Making sometimes involves paying attention to objects and materials, or at least projecting on to them. This feels like collaborating, allowing them to behave in particular ways. Sometimes it involves leaving them out in the elements, letting the weather affect the process, or rubbing them together and recording the materiality of their sounds, attempting to give them agency so that it feels like they are participating in the making process.

The accumulated detritus that flows downstream when the creek water rises, sticking to branches, forms a swampy composite cloth dangling from the trees when the water levels recede again. Most of these materials came together to be part of one entity before breaking apart and merging with materials from other things. They clumped together, formed by a process similar to accretion (like a pearl), or maybe they were captured by a larger body with a stronger gravitational pull (like a moon). They created an impression, manipulating me to replicate the forms of the creek cloth. The raw materials had been part of a cooked (finished) whole and, through obsolescence and human laziness, worked their way into the creek to merge with other materials. Planting ideas into a human onlooker helps the forms to procreate, extrapolating their forms.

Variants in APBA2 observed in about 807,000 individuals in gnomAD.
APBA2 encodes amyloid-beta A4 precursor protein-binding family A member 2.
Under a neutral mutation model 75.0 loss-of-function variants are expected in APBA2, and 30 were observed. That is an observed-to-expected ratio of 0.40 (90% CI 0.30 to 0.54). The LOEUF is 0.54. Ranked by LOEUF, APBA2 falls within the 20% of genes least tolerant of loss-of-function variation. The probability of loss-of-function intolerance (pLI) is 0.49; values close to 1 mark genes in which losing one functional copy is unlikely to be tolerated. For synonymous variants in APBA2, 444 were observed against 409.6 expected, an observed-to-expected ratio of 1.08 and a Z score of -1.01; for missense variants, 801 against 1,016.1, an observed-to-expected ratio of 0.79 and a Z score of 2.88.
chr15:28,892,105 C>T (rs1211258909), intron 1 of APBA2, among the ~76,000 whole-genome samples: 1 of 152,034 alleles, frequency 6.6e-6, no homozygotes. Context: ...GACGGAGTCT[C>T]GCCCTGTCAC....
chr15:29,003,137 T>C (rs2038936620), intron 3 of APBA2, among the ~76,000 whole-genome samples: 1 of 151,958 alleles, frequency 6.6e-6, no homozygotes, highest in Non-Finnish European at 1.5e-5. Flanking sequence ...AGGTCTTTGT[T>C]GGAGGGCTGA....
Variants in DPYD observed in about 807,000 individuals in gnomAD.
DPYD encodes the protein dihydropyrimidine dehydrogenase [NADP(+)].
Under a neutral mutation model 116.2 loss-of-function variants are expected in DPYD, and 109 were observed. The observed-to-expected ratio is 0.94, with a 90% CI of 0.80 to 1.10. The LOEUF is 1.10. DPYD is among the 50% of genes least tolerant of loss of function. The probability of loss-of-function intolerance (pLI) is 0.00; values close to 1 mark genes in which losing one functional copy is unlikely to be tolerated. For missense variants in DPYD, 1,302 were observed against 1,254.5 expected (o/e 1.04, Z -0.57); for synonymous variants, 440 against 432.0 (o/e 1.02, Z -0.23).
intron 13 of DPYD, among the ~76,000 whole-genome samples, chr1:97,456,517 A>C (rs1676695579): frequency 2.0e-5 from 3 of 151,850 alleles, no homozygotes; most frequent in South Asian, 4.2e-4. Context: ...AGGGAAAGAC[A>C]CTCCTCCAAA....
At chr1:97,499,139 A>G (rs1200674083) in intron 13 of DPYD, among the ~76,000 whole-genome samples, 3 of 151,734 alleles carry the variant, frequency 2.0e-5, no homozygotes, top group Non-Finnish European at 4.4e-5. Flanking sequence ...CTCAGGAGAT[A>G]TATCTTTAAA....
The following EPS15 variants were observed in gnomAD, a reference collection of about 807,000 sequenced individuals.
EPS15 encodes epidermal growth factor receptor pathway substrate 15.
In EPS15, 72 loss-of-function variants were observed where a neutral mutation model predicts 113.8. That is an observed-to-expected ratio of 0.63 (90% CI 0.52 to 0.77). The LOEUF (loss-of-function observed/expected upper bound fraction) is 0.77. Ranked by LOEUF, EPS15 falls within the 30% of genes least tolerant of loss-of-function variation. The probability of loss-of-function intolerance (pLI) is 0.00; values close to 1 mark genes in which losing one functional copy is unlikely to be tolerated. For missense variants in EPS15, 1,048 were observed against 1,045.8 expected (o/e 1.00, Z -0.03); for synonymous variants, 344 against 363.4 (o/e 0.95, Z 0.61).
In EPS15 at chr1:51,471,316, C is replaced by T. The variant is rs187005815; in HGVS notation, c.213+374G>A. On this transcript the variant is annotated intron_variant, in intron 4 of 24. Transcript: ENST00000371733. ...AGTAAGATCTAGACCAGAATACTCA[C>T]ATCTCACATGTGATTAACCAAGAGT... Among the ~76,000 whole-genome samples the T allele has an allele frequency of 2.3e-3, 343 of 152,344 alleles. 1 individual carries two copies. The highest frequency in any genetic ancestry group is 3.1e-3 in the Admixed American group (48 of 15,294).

John Brooks holds a Bachelor of Fine Art (Honours) (Monash University), a Bachelor of Fine Art (Victorian College of the Arts), and an Advanced Diploma of Textile Design and Development and a Diploma of Arts: Studio Textiles (RMIT). Making intuitively, he allows the potential of the materials to inform part of the process, while also potentially projecting his thoughts on to non-human entities. Recent exhibitions include Every Second Feels Like a Century at West Space, Materiality at Town Hall Gallery, Body + Cloth: Performing Textiles at the Australian Tapestry Workshop as part of Asia TOPA, the Australia Post Art Prize at Fort Delta for the Midsumma Festival, Off Grid at Blindside Gallery, and To Sheila at Mailbox Art Space, Melbourne.

A Space to Disappear and Re-emerge (detail), 2017 Oyster shells, freshwater pearls, plastic pearls, wool, linen, cotton, acetate, organza, felt, faux fur, cotton rope, latex, horse hair, foam, metal, weed cloth, television, head- phones, Photo: Courtesy of Town Hall Gallery, Booroondara Arts